I was sweaty, dry-mouthed, tired and already out-of-words.
And it was only 10:45am.
We’d just pulled up to my husband’s office and were about to bring him lunch.
It’d been a long morning already.
At 5am, my alarm went off and I nursed the baby. By 5:35am, I was on the way to boot camp. Home at 7:15am. Breakfast for the kids immediately, followed by 2 more rounds of breakfast. All kids dressed. Toys picked up. Fights broken up, multiple times. Baby nursed again. Another round of toy pickup. Made myself a green smoothie. Got myself showered and dressed. Folded some laundry. Made lunches for myself, husband and kids. Brushed toddlers’ teeth and put shoes on. Loaded everyone in car. Drove to husband’s office in downtown.
I found a parking meter, and then, parallel parked my Suburban. (Can we just stop right there and say that should earn me a trophy, in and of itself?!? Thank you.) I put the baby in the stroller and walked down the sidewalk, with the 2 boys trailing behind me. Got everyone into the lobby, then the elevator, went up to the third floor, through the maze of hallways to the hubby’s office.
The fight was over.
And now, I got to do something really special.
My husband had purchased a pack of massages from a massage therapist in his office building. As a treat, he asked me to bring the kids to his office, and hand them off to him. They’d all eat lunch in the office courtyard, while I went to get a 30-minute massage.
And. It. Was. Hand-off. Time.
As my (sexy, amazing, awesome) husband rolled the stroller away from me in the hallway, the toddler and preschooler trailed behind him. They yelled inappropriate things like “Spiderman forever” and “Captain Jack Sparrow,” as they unceremoniously scraped their toys on the side of the hallway walls on their way to the elevator.
I smiled inside, as I turned the other way and walked to the massage therapist’s suite.
She was waiting for me. We said our hellos, and then she dimmed the light and left the room so I could lay down on the table.
As I laid there, with my eyes closed, I realized that I’d been so busy all morning that I hadn’t even had any brain power to focus on how amazing this was going to be. I’d been too busy to even look forward to it. All of a sudden, every nerve ending in my body sang with anticipation for the relaxation that was to come.
She came back in.
And as her hands started working on my upper back, she said the most beautiful words.
Words that I will never forget.
“Right now, your only job is to relax. My job is to massage your muscles and thank them for protecting you and nurturing your children and doing all that they do. But I don’t need any help from you. I know you’re a caregiver, so your first instinct is to help. But right now, you don’t need to take care of anyone. Just relax.”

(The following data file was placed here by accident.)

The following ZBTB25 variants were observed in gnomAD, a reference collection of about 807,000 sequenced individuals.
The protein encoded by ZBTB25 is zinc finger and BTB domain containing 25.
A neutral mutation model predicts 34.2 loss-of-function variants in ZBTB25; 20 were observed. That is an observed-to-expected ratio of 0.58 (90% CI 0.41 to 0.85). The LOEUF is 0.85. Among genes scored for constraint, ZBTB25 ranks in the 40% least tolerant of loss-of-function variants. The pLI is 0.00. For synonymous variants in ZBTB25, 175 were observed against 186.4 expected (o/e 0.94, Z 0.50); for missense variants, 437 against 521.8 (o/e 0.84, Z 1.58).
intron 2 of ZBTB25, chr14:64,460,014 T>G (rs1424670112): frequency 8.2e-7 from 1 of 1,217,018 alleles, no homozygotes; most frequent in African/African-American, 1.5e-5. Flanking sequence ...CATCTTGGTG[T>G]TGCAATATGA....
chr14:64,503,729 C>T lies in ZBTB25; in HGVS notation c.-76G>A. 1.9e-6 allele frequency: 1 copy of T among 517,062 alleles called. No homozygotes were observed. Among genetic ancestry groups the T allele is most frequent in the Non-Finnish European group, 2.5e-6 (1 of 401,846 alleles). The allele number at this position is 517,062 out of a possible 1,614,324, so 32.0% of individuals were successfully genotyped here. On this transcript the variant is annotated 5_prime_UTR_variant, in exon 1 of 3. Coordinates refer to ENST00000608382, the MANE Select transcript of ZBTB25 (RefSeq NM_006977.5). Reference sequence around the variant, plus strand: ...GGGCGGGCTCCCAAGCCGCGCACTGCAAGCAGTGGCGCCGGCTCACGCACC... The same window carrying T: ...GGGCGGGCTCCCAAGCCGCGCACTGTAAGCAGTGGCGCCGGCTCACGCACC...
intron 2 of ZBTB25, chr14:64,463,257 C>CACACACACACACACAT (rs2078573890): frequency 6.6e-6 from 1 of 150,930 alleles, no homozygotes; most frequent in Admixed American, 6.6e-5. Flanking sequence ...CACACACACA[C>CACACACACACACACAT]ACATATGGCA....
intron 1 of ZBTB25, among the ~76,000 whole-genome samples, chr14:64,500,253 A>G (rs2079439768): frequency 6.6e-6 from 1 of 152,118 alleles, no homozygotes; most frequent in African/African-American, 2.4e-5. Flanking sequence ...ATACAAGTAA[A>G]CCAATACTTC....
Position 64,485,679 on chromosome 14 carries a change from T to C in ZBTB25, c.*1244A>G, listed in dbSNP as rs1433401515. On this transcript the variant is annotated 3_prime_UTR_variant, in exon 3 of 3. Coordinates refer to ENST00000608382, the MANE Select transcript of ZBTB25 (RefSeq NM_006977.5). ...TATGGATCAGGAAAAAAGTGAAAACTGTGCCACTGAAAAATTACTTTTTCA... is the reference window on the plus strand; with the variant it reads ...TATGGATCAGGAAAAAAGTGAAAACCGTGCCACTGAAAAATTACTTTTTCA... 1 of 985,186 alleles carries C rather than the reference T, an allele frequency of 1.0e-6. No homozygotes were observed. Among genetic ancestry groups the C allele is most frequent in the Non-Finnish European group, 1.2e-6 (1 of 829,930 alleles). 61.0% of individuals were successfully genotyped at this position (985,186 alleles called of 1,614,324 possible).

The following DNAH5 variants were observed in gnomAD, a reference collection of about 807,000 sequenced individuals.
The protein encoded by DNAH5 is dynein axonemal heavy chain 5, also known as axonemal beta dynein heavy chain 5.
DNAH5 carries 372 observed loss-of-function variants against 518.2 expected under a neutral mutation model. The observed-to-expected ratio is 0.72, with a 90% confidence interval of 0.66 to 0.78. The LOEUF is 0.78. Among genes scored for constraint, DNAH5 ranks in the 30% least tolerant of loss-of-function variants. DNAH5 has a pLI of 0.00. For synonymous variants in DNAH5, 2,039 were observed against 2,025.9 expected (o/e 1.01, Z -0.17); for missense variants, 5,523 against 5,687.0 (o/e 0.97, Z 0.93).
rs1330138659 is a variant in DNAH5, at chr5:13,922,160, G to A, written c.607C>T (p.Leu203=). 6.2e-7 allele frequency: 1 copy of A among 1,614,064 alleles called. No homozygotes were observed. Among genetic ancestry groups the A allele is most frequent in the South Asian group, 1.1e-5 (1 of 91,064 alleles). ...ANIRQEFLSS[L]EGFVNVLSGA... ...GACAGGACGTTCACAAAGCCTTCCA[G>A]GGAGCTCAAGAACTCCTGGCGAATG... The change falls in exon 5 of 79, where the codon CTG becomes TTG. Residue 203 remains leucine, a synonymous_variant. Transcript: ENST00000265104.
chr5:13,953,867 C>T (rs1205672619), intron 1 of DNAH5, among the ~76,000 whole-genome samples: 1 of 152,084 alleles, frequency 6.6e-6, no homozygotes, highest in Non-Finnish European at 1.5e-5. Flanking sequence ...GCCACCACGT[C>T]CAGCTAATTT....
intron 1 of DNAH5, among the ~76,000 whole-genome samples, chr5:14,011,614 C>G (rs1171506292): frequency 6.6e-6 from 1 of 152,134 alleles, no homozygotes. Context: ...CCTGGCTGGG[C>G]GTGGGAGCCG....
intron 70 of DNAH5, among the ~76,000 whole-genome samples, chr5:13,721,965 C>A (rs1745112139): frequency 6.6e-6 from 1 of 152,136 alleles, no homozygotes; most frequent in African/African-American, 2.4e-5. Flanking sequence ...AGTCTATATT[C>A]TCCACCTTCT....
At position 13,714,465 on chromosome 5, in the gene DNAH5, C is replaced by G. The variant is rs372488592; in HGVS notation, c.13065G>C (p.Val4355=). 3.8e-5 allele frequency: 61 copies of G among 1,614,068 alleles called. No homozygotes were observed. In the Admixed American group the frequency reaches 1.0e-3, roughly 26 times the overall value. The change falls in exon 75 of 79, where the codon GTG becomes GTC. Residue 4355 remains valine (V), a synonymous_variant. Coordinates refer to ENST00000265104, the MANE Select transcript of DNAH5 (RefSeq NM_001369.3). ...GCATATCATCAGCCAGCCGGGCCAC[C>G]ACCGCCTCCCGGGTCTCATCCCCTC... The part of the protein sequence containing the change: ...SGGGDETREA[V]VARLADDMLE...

Even as I type it out now, I can feel my body turn to liquid at even the thought of those words.
And let me tell you. Those words fed my soul in the most profound way.
You don’t need to take care of anyone.
I’m not sure anyone has ever said them to me. Maybe my mom, when she stayed with us while I was pregnant and ended up getting the stomach flu. Lay in bed. I’ve got this. Just relax.
It’s amazing how just a few words can loosen every muscle and uncoil every twisted nerve ending in my baby-holding, toddler-raising body.
How it can move my soul, so far… that if I think about it long enough, it’ll bring a tear to my eye.
Your only job is to relax.
For the next 28 minutes, I closed my eyes and dove, deep and deep and deeper, into a warm, luxurious pool of relief and peace and calm. I was swimming in nirvana. It was blissful.
I’d been relieved of taking care of anyone, even myself. Even if just for a 30-minute massage.
No one needs me. I can relax.
The feeling is so foreign that it took a few minutes for me to settle in. And as she soothed my tight, stressed, always-needed-by-someone body, she also soothed my soul. If that sounds silly to you, I don’t really care. It’s true.
In that moment, I realized how rare it is for me to not to be needed. I’m normally on-call for 3 little people, 24 hours a day, 7 days a week. Milk refills, diaper changes, laundry folding, sandwich-making, boo-boo-kissing, and all the repetitive, monotonous, relentless tasks that come with parenting young children. Sure, I’ll miss it one day. And I know I’ll wish someone needed me. But right now, I’m just really really tired.
But there, laying on that table, not being needed… just felt so grand.
And I also realized something else.
I really need to get back here very, very soon.
(But for now, it’s back to my day job. I hope that next appointment comes real quick.)